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Chart of the Day
We often look to the commodity currencies for macro signals, which have been mixed lately. After rising sharply in early May, perhaps related to hawkish signals from the BoC, the CAD (plotted here inversely to the normal USDCAD so that its comparable to AUDUSD and NZDUSD) has hit a ceiling. By contrast, the NZD has broken out above its prior trading range this week after the hawkish comments from the RBNZ. The AUD is still seeking some direction - if the recent trend for softer iron ore prices continues, that could be down. In the end, given the importance of commodities to these economies, the recent hawkish signals from their central banks will only be maintained if high commodity prices are sustained.
US initial jobless claims fell to 406,000 last week, while continuing claims increased to 3.6mn in the week before.
US durable goods orders fell by 1.3% MoM in April. That was due to weakness in the vehicle sector. Excluding transport, orders increased by 1.0% MoM.
In Sweden, the Economic Tendency Indicator rose in May and looks consistent with much stronger GDP growth ahead.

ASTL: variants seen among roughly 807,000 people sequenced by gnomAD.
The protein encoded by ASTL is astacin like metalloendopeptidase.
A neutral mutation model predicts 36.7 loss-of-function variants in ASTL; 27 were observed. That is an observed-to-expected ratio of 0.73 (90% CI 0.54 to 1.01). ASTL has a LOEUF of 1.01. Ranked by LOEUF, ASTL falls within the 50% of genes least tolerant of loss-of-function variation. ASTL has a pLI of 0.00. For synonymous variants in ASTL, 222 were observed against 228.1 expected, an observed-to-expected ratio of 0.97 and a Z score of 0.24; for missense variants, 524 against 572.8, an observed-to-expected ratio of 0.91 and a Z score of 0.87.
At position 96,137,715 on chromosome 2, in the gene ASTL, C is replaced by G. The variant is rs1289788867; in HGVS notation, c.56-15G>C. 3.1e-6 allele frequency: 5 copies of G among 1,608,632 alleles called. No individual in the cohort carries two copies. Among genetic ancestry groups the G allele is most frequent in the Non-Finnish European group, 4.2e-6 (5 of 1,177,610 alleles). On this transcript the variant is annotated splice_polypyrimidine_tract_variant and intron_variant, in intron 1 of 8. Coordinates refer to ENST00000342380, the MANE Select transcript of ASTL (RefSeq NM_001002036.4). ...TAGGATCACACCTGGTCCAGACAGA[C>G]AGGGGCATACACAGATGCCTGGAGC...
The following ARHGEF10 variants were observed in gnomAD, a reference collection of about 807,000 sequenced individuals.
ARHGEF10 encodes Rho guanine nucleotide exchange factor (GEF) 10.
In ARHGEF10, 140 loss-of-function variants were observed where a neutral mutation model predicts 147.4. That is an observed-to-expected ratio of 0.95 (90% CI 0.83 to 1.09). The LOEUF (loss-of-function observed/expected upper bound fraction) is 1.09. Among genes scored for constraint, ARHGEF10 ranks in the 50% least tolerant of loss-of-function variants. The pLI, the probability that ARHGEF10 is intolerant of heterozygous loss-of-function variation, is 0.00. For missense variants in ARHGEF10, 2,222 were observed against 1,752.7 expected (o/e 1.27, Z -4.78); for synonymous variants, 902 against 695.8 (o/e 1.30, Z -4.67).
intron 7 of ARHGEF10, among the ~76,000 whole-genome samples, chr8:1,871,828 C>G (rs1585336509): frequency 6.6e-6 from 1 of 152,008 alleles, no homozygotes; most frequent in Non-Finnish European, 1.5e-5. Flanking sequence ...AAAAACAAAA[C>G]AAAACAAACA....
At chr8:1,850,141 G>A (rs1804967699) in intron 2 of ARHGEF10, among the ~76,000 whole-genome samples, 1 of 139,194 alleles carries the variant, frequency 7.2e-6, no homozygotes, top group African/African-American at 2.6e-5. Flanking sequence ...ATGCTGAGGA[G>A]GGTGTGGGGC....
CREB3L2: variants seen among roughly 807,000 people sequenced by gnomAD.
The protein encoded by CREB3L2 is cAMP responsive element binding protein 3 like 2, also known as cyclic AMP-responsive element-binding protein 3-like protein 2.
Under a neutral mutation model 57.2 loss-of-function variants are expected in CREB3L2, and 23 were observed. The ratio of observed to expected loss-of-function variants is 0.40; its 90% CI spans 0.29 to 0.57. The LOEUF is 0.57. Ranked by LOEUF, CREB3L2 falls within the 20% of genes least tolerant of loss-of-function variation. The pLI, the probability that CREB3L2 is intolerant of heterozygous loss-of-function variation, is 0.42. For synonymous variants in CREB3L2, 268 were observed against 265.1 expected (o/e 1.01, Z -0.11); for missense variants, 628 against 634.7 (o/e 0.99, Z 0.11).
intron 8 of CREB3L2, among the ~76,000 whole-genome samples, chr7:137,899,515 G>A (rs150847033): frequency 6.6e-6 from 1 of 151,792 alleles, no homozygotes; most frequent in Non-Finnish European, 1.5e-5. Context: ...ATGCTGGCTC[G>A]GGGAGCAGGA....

Moves in UK yields were among the highest yesterday after hawkish comments from the BoE.
That also helped the GBP rise against the USD, though it is still stuck near the $1.42 level and was little changed against the EUR.
Despite the hawkish comments, the yield curve in the UK - much like those elsewhere - is still flatter than a few weeks ago.
The 2-year yield spread between the UK and US might normally be consistent with a stronger GBP.
While the USD has been mixed against many currencies this past week, the trend against the CNY was been clear, with the USD depreciating. That could reflect tighter credit in China versus continued loose credit conditions in the US.
It wouldn’t take much more for the GSCI industrial metals index to reach a record high, though weaker iron ore prices have weighed on it lately.
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